Hair Loss Myths Debunked

Over Dr. Melamed’s career, he’s heard and debunked all manner of myths and rumors about hair loss – most of which are based on very little evidence, if any.

We’ve compiled the most common myths we have been told by patients. Allow us to put your mind at rest and set these assumptions aside.

Wearing hats causes hair loss

In most cases, a hat will not cause hair loss. Unless someone is wearing a particularly tight hat very regularly, it is unlikely that this will cause hair loss. In some cases, the hair may have rubbed off due to friction – much like the process of exfoliating.

 

Frequent hair washing causes baldness

Shampoos and conditioners are tested and designed to be safe on your hair. Regular washing will not cause your hair to fall out, but there are some chemicals that will damage the hair and worsen the condition of the scalp. Products that contain sulphates and parabens are not good for the general condition of the hair and the scalp. In order to hold on to your hair for as long as possible, it is wise to take good care of your hair and scalp.

 

Stress is the main cause of hair loss

High levels of stress can cause hair loss by increasing stress hormone. However, it is unlikely to be the main cause. Stress related hair loss is often reversible. Stress can have a very detrimental effect on other areas of the body, so it is wise to review your concerns with Dr. Melamed.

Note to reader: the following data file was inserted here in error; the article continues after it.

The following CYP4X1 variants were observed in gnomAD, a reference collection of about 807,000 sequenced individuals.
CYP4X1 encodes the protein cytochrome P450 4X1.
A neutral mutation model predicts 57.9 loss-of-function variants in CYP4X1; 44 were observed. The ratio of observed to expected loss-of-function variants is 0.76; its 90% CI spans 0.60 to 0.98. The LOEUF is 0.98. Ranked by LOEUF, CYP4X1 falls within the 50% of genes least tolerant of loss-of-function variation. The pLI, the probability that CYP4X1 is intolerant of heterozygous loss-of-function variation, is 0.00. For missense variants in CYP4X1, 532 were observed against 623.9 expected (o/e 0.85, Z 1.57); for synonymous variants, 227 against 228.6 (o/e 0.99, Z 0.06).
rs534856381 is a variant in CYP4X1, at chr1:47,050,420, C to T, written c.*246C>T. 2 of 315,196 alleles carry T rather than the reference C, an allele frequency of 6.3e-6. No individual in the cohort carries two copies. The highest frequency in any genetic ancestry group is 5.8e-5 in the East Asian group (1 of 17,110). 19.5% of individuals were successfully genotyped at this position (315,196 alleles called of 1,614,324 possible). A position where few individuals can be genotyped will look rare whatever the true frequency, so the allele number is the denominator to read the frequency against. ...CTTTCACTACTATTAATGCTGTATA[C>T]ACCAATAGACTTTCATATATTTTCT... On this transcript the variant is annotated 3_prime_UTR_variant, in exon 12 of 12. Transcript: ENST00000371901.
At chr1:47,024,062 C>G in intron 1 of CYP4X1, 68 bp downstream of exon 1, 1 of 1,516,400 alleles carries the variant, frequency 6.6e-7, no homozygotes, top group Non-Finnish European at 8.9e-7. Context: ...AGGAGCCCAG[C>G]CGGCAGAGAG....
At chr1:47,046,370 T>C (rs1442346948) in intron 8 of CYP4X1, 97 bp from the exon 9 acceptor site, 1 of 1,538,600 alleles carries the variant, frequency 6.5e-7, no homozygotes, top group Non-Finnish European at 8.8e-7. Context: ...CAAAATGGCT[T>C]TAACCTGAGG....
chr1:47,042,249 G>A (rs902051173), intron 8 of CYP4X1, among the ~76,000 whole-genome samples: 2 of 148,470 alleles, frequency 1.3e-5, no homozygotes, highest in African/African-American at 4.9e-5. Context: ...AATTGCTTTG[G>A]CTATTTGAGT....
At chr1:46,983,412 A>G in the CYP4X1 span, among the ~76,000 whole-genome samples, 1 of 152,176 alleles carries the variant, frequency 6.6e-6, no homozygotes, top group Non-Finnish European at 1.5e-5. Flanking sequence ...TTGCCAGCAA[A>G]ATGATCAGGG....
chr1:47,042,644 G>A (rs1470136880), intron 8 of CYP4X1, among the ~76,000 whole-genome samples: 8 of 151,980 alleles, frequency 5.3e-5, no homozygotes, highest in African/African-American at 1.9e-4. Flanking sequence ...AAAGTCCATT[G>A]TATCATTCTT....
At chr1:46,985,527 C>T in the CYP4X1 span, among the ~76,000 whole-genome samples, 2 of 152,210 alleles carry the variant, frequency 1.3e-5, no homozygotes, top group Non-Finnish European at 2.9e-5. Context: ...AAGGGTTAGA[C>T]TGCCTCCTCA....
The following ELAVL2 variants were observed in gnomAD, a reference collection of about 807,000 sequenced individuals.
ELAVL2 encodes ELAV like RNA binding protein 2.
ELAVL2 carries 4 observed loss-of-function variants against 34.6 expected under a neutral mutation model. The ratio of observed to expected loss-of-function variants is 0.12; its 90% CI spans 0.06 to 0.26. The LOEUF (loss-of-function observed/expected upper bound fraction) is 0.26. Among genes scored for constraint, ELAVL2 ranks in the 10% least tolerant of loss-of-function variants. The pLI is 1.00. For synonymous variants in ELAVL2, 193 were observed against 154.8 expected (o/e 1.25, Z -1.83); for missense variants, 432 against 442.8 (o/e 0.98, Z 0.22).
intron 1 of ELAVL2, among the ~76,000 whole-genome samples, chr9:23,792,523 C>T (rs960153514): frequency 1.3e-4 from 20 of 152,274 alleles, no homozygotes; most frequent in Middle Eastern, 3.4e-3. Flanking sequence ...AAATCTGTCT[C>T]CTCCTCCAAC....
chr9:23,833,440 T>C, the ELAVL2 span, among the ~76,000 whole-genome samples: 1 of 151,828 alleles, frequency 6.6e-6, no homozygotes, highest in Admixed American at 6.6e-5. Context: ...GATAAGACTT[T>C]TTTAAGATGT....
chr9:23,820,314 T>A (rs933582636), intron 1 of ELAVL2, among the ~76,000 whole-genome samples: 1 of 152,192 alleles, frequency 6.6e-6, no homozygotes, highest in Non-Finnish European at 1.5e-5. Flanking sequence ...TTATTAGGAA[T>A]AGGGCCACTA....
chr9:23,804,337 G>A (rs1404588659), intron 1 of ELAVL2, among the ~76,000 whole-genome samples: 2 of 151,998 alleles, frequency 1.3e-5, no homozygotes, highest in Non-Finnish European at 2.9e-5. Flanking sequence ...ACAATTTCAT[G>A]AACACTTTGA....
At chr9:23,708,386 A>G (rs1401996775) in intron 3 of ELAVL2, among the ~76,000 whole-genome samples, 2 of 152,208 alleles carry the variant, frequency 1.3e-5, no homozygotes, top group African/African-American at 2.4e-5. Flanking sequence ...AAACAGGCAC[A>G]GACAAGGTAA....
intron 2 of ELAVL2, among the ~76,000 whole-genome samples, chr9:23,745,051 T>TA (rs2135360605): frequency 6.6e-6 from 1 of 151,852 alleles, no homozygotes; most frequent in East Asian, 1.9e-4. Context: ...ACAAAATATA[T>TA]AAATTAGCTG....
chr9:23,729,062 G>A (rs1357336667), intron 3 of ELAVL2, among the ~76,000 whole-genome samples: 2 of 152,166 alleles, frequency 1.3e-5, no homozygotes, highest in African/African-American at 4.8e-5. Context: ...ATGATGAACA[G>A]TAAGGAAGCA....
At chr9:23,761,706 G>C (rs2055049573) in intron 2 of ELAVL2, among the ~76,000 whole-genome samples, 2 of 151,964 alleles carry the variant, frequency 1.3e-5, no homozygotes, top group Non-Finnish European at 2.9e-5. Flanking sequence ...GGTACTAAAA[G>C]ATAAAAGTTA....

Too much sun will make your hair fall out

UV rays do not lead to hair loss. The detrimental side effects of too much sun exposure are damage to the eyes and skin.

 

Bald men have more testosterone

Whilst there are hormonal causes behind many forms of hair loss, bald men are not bald because they have too much testosterone. Hair loss is often caused by sensitivity to DHT (dihydrotestosterone) rather than increased levels of the male hormone, testosterone.

 

Women don’t suffer from hair loss

30 million American women would disagree with this. Female pattern hair loss is less common than male pattern hair loss, but it is an equally real condition. Women can be treated for hair loss in many of the same ways as men. During pregnancy, perimenopause, and menopause, women may experience some level of hair loss or hair changes. Although pregnancy-related hair loss is usually temporary and self-reversing, a peri or post-menopausal woman with hair will benefit from treatments.

The best way to diagnose your hair loss and the appropriate treatment, is to seek professional advice. Do not hesitate to get in touch with us if you have any questions regarding the cause and treatment options for your hair loss.